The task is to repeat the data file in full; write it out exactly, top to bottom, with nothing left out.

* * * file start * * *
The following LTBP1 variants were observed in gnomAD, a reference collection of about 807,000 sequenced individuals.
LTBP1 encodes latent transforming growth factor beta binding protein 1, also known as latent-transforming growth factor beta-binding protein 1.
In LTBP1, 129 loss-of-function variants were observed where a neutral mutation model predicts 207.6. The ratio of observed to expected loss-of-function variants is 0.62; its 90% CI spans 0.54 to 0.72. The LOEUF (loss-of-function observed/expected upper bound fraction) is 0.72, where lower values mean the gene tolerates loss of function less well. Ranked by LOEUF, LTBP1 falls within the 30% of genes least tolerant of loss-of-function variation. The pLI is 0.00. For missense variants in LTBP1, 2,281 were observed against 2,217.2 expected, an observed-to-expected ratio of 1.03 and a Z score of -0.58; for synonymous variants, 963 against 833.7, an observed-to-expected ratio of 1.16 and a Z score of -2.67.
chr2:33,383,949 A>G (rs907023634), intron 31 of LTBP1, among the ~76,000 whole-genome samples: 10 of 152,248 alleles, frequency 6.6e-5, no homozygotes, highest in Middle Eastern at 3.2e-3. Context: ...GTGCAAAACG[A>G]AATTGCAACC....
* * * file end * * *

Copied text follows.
The following LTBP1 variants were observed in gnomAD, a reference collection of about 807,000 sequenced individuals.
LTBP1 encodes latent transforming growth factor beta binding protein 1, also known as latent-transforming growth factor beta-binding protein 1.
In LTBP1, 129 loss-of-function variants were observed where a neutral mutation model predicts 207.6. The ratio of observed to expected loss-of-function variants is 0.62; its 90% CI spans 0.54 to 0.72. The LOEUF (loss-of-function observed/expected upper bound fraction) is 0.72, where lower values mean the gene tolerates loss of function less well. Ranked by LOEUF, LTBP1 falls within the 30% of genes least tolerant of loss-of-function variation. The pLI is 0.00. For missense variants in LTBP1, 2,281 were observed against 2,217.2 expected, an observed-to-expected ratio of 1.03 and a Z score of -0.58; for synonymous variants, 963 against 833.7, an observed-to-expected ratio of 1.16 and a Z score of -2.67.
chr2:33,383,949 A>G (rs907023634), intron 31 of LTBP1, among the ~76,000 whole-genome samples: 10 of 152,248 alleles, frequency 6.6e-5, no homozygotes, highest in Middle Eastern at 3.2e-3. Context: ...GTGCAAAACG[A>G]AATTGCAACC....